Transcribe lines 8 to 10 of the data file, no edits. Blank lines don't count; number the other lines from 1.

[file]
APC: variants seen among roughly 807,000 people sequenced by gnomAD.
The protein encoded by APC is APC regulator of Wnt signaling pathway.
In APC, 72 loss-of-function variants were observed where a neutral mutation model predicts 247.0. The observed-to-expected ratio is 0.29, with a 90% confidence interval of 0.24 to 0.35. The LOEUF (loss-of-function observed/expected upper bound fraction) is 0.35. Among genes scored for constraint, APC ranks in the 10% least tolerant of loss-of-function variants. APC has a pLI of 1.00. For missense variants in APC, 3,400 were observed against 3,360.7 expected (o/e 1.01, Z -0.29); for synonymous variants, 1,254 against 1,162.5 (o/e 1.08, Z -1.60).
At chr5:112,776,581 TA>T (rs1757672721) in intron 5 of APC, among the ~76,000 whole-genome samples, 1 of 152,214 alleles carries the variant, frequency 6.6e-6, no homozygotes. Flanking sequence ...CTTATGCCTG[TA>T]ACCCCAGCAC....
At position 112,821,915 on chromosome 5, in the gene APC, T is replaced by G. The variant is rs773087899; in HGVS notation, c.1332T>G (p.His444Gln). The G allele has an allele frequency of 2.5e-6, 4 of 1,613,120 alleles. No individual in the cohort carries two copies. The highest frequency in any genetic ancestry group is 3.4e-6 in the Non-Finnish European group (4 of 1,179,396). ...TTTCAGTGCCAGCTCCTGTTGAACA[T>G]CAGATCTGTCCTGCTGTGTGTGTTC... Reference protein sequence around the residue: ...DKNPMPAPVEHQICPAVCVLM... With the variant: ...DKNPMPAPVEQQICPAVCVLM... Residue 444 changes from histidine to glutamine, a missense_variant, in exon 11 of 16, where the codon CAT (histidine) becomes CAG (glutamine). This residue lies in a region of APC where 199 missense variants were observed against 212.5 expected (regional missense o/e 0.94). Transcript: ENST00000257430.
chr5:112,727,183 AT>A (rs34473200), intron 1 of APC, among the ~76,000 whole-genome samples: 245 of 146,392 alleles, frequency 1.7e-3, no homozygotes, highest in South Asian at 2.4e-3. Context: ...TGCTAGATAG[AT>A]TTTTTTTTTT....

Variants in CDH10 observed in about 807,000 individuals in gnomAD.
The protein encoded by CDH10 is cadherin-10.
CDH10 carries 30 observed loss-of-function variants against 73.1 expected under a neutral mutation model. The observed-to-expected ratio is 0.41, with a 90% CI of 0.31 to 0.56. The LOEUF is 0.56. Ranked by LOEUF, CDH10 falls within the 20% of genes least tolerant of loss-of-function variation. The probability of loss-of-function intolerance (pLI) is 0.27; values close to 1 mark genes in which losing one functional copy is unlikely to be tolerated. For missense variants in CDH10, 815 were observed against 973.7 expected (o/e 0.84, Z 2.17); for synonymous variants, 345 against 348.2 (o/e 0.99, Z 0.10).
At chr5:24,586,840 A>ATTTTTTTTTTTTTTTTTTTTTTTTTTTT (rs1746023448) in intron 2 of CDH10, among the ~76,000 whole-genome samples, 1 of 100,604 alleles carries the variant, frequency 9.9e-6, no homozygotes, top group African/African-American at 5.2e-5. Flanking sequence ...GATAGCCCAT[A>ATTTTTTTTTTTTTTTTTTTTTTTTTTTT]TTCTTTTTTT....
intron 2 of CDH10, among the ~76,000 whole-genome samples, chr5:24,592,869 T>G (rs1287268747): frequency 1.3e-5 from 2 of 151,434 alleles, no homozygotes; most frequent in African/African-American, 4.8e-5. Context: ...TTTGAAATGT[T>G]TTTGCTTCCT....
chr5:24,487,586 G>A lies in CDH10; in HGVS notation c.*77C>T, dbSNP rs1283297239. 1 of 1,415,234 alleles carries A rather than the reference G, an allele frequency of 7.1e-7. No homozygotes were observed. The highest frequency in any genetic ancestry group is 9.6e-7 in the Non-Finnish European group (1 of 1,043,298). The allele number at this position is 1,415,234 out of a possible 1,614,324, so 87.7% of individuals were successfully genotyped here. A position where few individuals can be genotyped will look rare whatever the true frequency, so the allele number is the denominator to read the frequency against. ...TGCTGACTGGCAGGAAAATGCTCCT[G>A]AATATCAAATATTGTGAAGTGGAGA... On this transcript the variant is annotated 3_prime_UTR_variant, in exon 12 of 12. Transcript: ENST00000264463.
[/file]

The protein encoded by CDH10 is cadherin-10.
CDH10 carries 30 observed loss-of-function variants against 73.1 expected under a neutral mutation model. The observed-to-expected ratio is 0.41, with a 90% CI of 0.31 to 0.56. The LOEUF is 0.56. Ranked by LOEUF, CDH10 falls within the 20% of genes least tolerant of loss-of-function variation. The probability of loss-of-function intolerance (pLI) is 0.27; values close to 1 mark genes in which losing one functional copy is unlikely to be tolerated. For missense variants in CDH10, 815 were observed against 973.7 expected (o/e 0.84, Z 2.17); for synonymous variants, 345 against 348.2 (o/e 0.99, Z 0.10).
At chr5:24,586,840 A>ATTTTTTTTTTTTTTTTTTTTTTTTTTTT (rs1746023448) in intron 2 of CDH10, among the ~76,000 whole-genome samples, 1 of 100,604 alleles carries the variant, frequency 9.9e-6, no homozygotes, top group African/African-American at 5.2e-5. Flanking sequence ...GATAGCCCAT[A>ATTTTTTTTTTTTTTTTTTTTTTTTTTTT]TTCTTTTTTT....